Seattle Culture

Living: This Kitchen Really Cooks

Remodel preserves Victorian charm

By Sean Meyers January 11, 2023

Photography by Netra Nei

This article originally appeared in the January/February 2023 issue of Seattle magazine.

Raised on an off-the-grid ranch in southern Oregon, Mandy Lozano took a don’t-fence-me-in approach to renovating her kitchen in Seattle’s Squire Park neighborhood. She sought to balance a respect for the 1900 Victorian’s heritage with a genetic predisposition toward creative license.

“I don’t care for modern technology that much, and I don’t like fussy or trendy or overly complicated stuff,” she says. “I also don’t like the idea of old-fashioned for the sake of old-fashioned.”

She worked hard for information. Her internet query, “circa 1900 Victorian kitchens,” did not overheat Google’s data centers. But Lozano’s dogged research revealed that white, in its sublime, prim practicality, dominated the color scheme of Victorian kitchens. At the time, indoor running water was newfangled and electricity was viewed with suspicion.

The simplest kitchens would have had gas sconces, a large stove for cooking and home heating, and a center table for prep work and quick household staff meals. Also typical was a large sink and integrated drain board, walls with tile or paneling part way up to protect hard-to-clean plaster, and a pie safe or cabinet, but more likely multiple hutches.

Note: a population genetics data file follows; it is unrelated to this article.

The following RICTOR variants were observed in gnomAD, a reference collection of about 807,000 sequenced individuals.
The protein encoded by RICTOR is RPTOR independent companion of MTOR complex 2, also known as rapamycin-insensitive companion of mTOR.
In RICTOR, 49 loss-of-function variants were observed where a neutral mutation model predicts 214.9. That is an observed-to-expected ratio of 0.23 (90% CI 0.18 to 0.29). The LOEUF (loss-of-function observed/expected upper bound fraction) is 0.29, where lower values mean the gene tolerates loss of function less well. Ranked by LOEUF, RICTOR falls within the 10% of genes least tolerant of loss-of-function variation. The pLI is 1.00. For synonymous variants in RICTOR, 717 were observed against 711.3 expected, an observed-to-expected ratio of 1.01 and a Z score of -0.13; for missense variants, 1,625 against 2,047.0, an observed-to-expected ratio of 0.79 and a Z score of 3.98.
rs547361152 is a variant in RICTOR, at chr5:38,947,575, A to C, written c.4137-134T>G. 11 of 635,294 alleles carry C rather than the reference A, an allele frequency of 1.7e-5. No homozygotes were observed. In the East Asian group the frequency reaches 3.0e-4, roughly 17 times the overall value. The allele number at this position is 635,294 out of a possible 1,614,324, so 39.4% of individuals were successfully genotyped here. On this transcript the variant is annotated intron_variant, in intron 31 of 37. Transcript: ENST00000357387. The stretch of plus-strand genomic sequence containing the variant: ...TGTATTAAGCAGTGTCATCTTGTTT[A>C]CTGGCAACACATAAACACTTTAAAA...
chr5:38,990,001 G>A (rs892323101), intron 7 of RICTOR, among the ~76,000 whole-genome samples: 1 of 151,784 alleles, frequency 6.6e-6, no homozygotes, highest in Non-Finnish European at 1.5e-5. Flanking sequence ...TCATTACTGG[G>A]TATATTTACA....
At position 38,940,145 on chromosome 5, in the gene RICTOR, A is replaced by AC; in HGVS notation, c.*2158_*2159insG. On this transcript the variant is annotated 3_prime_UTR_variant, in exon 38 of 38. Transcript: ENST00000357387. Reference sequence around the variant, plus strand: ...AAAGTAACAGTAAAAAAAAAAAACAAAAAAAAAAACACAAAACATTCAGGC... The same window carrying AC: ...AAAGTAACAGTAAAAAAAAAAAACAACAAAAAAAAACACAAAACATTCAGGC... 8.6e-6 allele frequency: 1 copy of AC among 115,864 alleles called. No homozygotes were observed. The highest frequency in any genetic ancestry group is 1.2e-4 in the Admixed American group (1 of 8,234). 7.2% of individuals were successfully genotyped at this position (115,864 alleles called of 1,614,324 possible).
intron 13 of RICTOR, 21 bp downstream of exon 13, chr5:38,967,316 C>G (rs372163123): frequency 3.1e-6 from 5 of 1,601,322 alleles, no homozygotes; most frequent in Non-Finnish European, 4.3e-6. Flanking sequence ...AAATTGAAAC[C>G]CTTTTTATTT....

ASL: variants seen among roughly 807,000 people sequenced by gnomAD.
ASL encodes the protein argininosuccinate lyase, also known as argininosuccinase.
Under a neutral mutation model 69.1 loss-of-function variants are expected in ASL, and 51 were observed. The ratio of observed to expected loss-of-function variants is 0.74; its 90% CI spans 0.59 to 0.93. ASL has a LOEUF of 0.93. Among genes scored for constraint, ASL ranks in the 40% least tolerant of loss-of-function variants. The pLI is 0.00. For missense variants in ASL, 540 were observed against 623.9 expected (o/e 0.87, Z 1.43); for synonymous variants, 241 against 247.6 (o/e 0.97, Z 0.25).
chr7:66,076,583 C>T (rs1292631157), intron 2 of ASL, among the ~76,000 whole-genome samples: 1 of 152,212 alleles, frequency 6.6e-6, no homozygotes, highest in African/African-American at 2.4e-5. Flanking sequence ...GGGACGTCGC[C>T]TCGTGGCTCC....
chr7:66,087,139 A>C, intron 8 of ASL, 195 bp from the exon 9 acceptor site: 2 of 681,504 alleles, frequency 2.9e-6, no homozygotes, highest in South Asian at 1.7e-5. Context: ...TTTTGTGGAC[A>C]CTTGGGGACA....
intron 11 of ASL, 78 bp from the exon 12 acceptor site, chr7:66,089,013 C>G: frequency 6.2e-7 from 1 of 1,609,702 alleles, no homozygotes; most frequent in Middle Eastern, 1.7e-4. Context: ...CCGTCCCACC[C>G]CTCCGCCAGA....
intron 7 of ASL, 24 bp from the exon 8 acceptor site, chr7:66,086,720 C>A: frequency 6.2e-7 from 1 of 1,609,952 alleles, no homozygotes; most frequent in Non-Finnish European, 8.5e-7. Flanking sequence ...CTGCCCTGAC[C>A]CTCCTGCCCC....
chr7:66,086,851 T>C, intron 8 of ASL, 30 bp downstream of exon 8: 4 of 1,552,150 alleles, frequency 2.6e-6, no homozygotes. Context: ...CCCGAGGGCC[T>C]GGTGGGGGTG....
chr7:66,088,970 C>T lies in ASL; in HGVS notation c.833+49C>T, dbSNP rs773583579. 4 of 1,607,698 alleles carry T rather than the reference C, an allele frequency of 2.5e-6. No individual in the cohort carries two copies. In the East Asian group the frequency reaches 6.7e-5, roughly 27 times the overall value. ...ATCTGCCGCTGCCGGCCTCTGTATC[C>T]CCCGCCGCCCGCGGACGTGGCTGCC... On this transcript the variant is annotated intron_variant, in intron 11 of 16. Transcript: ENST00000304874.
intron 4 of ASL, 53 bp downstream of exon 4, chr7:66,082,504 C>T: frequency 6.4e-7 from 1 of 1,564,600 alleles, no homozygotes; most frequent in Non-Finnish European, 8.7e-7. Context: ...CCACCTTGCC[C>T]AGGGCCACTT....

Varying counter heights and compositions are common in Victorian kitchens, creating a more “furniture-like” look than modern kitchens, which favor long, uniform banks of cabinets and counters, a trend popularized by the desire to hide growing assortments of single-use electrical gadgets. Kitchens also evolved away from a chore relegated to staff and more toward a positive family activity. “Kitchens became more democratic,” Lozano says.

She teamed with Amanda Armstrong Sava, design consultant for remodeler Neil Kelly Co. in Seattle. Sava has extensive experience with Victorian remodels, having worked in the Bay Area market for 20 years.

At 3,000 square feet including an unfinished attic, Lozano’s home is not huge by Victorian standards, but yields numerous clues that it was built by a wealthy person, including a back staircase for the “help.”

The wealthiest Victorians preferred kitchen staff neither seen nor heard, often banishing them to a hot stove in a basement. See “Downton Abbey” for more on this household arrangement.

Kitchen functions were divided among three rooms in larger Victorian homes: a scullery  for washing dishes and other messy functions, a dry pantry for food and other storage, and a butler’s pantry with a small sink and china storage. Sculleries and pantries are trending in high-end kitchen installations as a tool to further streamline and showcase the main kitchen, Sava says, adding, “second kitchens are also trending, but for a lot of projects these days, space is a limiting factor.”

This kitchen is not tucked away. It’s at the confluence of several doors, but Lozano wasn’t looking to turn up the gas on the warm fuzzies. She has other appealing places for people to gather.

A circa 2000 cookie cutter kitchen that featured stainless steel appliances and contractor special cabinetry greeted Lozano when she purchased the home.